Shampoison

Since I've been washing my hair with my own home made blends, I can comb easily although I'm miscegenate with unmanageable afro hair. The key ingredient of my home made shampoos, is lemon. I customize the recipes as I wish but there must always be mainly lemon.

All hairdresser say it, hair needs acidity. Many blogs talk about it : long live acidity. Everybody knows that rubbing the hair with vinegar or rinsing it with lemon water makes them more beautiful. Yet I washed my hair with baking soda one day, just out of curiosity. Because I like to try and check for myself. Total disaster! It became dry, rough, almost impossible to comb. Fortunately lemon fixed this mess on the following washing.

It is not such a surprise that the Europeans which hair is too flat, have fun tousle it with Coca Cola. Sodas are very basic, it dries the hair, gain extra volume even if it is likely to damage it in the long term. Why wasting a drink? Baking soda is cheaper, we can dose as we wish and it doesn't contain any sugar.

My brainstorming was ongoing when went roaming an organic fair. At a stall dedicated to afro hair, I have almost been seduced by a 100% natural shampoo. They told me that it was made of a soft washing base. It was an african traditional recipe based on tropical plants ashes. It is indeed tiring to make my own blend. If I had a ready-to-use bottle, it would be easier.

Finally no. I didn't take the shampoo. Something was bothering me but I couldn't see clearly what. Back home I had little regrets, I was asking myself why such mistrust. After all, this shampoo had the softest washing base ever. That's when the answer hit my head!

soft washing BASE

Whether artificial or natural, a base is a base. A base is basic. Basic = poison for hair. If a shampoo contains a washing base then it necessarily damages the hair, however modern or traditional it may be.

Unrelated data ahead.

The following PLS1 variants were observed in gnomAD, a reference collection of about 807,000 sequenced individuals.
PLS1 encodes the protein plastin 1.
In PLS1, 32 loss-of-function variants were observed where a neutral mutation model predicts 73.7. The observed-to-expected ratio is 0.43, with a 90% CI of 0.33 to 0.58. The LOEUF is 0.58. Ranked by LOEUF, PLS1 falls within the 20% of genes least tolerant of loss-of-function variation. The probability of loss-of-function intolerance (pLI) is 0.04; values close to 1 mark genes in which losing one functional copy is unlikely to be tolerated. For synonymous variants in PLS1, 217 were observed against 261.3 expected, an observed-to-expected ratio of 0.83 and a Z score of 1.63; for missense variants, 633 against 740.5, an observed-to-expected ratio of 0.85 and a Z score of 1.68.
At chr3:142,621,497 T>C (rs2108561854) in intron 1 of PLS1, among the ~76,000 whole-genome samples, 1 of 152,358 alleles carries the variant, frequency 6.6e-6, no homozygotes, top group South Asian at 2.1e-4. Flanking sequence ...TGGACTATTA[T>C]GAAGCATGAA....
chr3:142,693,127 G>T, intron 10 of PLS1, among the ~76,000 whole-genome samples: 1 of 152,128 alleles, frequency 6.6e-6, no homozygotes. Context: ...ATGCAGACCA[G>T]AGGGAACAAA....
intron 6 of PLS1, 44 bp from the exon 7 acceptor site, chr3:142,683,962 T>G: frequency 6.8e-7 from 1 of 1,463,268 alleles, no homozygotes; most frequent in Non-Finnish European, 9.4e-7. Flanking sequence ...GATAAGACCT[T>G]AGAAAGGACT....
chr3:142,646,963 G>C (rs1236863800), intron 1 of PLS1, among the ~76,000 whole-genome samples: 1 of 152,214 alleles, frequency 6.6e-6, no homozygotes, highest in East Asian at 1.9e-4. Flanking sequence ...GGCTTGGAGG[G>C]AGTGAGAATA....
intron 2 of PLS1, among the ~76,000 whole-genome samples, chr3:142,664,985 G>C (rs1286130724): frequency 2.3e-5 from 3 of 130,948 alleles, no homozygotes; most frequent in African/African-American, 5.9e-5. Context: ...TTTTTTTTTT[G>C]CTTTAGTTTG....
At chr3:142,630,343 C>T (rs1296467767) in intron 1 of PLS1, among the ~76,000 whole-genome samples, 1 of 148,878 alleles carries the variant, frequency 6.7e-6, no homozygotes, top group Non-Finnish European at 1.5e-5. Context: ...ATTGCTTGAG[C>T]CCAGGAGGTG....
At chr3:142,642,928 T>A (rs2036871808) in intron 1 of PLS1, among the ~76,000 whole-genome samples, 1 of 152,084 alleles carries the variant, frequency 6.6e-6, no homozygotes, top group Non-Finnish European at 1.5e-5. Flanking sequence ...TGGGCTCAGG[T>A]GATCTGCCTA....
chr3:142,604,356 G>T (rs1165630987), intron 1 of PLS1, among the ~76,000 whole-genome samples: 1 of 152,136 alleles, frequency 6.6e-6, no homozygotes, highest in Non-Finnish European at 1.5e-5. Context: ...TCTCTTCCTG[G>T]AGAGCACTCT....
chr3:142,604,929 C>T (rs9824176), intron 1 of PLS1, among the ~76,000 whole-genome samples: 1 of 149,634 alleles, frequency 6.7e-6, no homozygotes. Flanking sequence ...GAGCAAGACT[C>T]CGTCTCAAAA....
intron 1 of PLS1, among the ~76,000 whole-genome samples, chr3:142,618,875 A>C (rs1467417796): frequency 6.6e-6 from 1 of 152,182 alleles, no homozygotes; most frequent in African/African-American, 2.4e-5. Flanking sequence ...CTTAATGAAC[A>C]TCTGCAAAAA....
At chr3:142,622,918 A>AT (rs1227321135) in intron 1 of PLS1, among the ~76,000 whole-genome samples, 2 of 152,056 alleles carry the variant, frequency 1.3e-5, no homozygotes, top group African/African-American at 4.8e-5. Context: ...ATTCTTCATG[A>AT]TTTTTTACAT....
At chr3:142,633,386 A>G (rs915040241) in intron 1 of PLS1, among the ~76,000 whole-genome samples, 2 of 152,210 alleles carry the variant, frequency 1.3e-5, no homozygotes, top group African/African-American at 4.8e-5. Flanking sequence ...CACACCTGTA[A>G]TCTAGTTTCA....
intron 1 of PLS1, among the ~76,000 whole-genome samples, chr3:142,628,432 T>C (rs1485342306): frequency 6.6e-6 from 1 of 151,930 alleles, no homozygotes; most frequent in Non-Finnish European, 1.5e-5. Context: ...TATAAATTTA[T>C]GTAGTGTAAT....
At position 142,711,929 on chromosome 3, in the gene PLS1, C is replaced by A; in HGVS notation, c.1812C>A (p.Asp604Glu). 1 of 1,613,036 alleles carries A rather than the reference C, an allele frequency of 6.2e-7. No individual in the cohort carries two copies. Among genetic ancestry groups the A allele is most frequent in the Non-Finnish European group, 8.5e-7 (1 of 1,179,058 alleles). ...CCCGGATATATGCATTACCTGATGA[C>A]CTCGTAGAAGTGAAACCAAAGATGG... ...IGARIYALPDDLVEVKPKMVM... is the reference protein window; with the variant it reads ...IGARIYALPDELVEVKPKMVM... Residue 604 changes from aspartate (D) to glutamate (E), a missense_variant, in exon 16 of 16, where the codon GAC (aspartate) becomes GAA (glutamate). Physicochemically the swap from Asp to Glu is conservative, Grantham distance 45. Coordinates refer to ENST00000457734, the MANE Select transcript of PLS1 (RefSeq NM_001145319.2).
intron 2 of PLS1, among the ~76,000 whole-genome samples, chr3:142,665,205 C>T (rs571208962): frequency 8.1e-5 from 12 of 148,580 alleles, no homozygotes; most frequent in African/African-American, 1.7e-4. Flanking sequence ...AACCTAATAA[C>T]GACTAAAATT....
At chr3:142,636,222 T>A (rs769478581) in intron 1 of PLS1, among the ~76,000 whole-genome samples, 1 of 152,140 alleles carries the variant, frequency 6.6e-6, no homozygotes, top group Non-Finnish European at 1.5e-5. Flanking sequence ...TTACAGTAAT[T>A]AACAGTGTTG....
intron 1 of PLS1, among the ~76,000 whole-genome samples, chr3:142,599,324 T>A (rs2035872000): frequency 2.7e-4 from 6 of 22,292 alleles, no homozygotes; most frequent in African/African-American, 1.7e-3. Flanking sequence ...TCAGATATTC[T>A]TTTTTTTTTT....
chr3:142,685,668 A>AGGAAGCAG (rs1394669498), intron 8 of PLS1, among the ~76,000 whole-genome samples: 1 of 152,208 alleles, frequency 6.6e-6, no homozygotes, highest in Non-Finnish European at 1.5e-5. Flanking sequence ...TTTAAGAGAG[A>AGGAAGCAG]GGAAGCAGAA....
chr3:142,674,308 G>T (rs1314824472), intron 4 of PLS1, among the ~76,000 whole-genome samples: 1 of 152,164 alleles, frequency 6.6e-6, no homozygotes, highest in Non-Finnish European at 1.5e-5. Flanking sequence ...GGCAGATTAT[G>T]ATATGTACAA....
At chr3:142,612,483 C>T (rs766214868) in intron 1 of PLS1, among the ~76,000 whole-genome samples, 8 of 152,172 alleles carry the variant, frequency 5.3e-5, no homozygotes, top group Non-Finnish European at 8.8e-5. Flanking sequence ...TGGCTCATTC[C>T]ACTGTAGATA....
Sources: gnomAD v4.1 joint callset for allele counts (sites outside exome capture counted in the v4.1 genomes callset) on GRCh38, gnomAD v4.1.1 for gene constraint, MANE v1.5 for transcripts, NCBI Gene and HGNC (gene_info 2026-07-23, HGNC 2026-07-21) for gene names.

In order to clear my mind I bought a testing tape in a drugstore. It is a paper strip which enables to check the pH, thus the acidity of products. The tape is initially light salmon-coloured. The more basic greener it becomes. The more acid the redder it becomes. In order to make the pictures below, I mixed a pinch of various powders with water then soaked the tape in the fluid, after allowing to marinate a few hours.

ph0

ph1The first surprise is that water is indeed very basic. The green of the tape is lighter or darker according to the day

We can infer that our hair is not necessarily happy at rinsing time.

ph2On these tapes there is from top to bottom :

  • Soapnut (Aritha)

  • Neem tree leaves

  • Kapoor Kachli

I thought they would be acid but they are in between basic and alkaline. Soapnut slightly acid.

ph3The most acid products are on this picture :

  • Amla

  • Shikakai

This tests batch is interesting because it shows why it is healthier to wash the hair with Shikakai. It is a washing acid.

ph4According to some sources, if a product is too acid it is likely to gnaw the hair's protein. A tape soaked in lemon juice becomes notably red.

But mixing the powders with water is not such a good idea because it is too basic. So why not mixing the powders with floral water for instance?

The tape at the bottom shows that ladanum-bearing cistus water can be a good solution. It can complete or replace lemon to prepare the shampoo.

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